‘Do i care?’ young adults' recalled experiences of early adolescent overweight and obesity: a qualitative study

Smith, E., Sweeting, H. and Wright, C. (2013) ‘Do i care?’ young adults' recalled experiences of early adolescent overweight and obesity: a qualitative study. International Journal of Obesity, 37(2), pp. 303-308. (doi: 10.1038/ijo.2012.40)

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<p>Objective: Individual behaviour change to reduce obesity requires awareness of, and concern about, weight. This paper therefore describes how young adults, known to have been overweight or obese during early adolescence, recalled early adolescent weight-related awareness and concerns. Associations between recalled concerns and weight-, health- and peer-related survey responses collected during adolescence are also examined.</p> <p>Design: Qualitative semi-structured interviews with young adults; data compared with responses to self-report questionnaires obtained in adolescence.</p> <p>Participants: A total of 35 participants, purposively sub-sampled at age 24 from a longitudinal study of a school year cohort, previously surveyed at ages 11, 13 and 15. Physical measures during previous surveys allowed identification of participants with a body mass index (BMI) indicative of overweight or obesity (based on British 1990 growth reference) during early adolescence. Overall, 26 had been obese, of whom 11 had BMI99.6th centile, whereas 9 had been overweight (BMI=95th–97.9th centile).</p> <p>Measures: Qualitative interview responses describing teenage life, with prompts for school-, social- and health-related concerns. Early adolescent self-report questionnaire data on weight-worries, self-esteem, friends and victimisation (closed questions).</p> <p>Results: Most, but not all recalled having been aware of their overweight. None referred to themselves as having been obese. None recalled weight-related health worries. Recollection of early adolescent obesity varied from major concerns impacting on much of an individual's life to almost no concern, with little relation to actual severity of overweight. Recalled concerns were not clearly patterned by gender, but young adult males recalling concerns had previously reported more worries about weight, lower self-esteem, fewer friends and more victimisation in early adolescence; no such pattern was seen among females. Conclusion: The popular image of the unhappy overweight teenager was not borne out. Many obese adolescents, although well aware of their overweight recalled neither major dissatisfaction nor concern. Weight-reduction behaviours are unlikely in such circumstances.</p>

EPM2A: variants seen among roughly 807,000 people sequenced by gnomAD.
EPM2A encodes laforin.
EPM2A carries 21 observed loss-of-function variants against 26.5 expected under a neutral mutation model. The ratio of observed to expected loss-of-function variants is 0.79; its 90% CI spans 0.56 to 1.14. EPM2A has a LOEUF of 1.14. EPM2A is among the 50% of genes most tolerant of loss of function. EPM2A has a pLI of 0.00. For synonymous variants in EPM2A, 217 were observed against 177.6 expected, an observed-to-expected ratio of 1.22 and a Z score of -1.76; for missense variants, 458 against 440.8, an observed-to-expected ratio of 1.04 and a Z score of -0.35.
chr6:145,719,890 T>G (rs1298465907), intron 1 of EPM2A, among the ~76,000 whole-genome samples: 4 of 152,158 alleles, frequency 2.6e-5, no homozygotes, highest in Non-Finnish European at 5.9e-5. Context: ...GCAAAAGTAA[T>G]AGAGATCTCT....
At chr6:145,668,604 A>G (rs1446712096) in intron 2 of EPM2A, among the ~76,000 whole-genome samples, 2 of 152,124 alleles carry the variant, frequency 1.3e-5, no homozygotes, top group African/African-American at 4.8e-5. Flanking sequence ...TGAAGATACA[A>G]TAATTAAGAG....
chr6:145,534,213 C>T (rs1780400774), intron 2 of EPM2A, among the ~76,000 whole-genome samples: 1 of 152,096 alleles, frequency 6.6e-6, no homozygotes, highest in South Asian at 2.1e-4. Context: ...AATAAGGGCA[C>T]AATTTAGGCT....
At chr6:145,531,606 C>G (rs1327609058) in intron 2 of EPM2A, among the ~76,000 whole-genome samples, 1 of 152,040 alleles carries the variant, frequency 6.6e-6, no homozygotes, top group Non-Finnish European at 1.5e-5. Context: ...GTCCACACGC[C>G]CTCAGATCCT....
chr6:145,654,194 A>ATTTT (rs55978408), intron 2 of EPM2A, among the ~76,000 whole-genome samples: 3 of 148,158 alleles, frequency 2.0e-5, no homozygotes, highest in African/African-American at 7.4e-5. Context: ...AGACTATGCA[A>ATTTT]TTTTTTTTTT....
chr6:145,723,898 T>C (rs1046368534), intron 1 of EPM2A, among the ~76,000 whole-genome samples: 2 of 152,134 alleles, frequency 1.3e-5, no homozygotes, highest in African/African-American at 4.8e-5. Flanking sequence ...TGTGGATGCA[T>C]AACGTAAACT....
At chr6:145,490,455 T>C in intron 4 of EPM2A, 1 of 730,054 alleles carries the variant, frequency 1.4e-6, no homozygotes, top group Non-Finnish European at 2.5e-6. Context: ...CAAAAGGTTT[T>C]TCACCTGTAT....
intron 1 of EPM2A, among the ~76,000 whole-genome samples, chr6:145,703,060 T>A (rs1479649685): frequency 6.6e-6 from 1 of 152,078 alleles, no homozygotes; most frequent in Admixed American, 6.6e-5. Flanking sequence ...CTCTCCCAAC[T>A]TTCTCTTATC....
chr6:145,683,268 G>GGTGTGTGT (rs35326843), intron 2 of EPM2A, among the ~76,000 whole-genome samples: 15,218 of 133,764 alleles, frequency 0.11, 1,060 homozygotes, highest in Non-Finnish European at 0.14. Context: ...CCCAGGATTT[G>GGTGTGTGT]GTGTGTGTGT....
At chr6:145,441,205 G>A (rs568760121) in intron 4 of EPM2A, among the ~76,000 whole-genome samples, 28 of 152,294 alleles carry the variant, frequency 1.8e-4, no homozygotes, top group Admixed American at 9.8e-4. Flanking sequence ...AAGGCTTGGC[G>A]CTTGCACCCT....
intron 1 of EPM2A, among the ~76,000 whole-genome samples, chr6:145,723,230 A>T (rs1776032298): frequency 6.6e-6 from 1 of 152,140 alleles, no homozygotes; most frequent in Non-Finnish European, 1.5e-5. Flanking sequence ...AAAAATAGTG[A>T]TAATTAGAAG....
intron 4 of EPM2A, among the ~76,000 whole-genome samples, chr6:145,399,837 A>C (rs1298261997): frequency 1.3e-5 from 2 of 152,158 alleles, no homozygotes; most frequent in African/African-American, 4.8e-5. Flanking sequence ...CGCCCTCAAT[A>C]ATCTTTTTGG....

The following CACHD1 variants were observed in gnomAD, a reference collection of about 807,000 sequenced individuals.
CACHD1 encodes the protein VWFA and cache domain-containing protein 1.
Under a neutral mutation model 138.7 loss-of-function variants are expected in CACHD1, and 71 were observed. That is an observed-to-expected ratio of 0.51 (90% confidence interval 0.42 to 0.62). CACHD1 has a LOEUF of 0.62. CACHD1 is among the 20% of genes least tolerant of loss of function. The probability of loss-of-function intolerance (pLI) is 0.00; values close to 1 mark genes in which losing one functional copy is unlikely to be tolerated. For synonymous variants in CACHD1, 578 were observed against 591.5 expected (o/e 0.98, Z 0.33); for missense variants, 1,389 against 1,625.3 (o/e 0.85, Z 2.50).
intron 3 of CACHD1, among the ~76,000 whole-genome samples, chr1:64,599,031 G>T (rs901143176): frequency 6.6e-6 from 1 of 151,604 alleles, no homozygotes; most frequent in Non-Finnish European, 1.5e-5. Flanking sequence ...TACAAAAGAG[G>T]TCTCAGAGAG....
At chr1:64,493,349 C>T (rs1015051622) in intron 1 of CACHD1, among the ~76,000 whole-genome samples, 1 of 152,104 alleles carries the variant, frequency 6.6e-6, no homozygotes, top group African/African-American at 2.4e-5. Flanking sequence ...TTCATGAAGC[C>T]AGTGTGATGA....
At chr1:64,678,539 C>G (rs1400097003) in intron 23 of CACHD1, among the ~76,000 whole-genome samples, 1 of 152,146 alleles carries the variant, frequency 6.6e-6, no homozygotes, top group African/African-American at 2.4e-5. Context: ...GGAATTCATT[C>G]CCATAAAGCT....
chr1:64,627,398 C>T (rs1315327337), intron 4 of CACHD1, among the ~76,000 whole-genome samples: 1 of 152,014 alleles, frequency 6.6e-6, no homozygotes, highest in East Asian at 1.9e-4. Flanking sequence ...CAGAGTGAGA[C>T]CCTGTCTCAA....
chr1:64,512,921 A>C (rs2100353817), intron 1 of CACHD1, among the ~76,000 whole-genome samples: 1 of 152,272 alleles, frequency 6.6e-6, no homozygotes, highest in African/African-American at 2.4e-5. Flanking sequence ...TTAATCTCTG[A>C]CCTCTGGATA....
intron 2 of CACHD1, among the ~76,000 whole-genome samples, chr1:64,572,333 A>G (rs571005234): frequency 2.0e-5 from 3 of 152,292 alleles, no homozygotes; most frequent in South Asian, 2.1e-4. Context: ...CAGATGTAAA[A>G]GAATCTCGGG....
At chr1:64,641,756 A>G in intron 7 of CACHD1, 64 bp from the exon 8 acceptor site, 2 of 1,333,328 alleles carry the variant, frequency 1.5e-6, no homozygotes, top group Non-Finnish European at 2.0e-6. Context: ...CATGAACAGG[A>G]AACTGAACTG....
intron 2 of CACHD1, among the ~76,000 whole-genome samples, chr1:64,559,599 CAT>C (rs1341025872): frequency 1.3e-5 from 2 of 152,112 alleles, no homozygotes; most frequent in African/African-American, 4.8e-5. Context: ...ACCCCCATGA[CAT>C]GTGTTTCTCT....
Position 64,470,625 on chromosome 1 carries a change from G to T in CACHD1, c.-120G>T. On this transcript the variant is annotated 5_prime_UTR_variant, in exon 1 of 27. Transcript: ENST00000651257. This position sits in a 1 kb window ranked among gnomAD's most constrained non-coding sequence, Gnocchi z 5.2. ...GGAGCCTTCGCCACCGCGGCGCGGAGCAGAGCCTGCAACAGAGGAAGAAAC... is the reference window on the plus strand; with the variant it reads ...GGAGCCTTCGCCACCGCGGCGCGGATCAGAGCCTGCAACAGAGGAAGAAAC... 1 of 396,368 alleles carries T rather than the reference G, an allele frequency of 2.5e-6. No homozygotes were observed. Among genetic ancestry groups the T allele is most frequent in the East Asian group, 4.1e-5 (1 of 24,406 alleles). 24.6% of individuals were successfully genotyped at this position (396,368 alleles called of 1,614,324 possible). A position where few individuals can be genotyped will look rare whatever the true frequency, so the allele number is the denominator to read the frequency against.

Item Type:Articles
Glasgow Author(s) Enlighten ID:Wright, Professor Charlotte and Sweeting, Dr Helen
Authors: Smith, E., Sweeting, H., and Wright, C.
College/School:College of Medical Veterinary and Life Sciences > School of Medicine, Dentistry & Nursing
College of Medical Veterinary and Life Sciences > Institute of Health and Wellbeing > MRC/CSO SPHSU
Journal Name:International Journal of Obesity
Publisher:Nature Publishing Group
ISSN (Online):1476-5497
Copyright Holders:Copyright © 2013 The Authors
First Published:First published in International Journal of Obesity 37(2):303-308
Publisher Policy:Reproduced under a Creative Commons License

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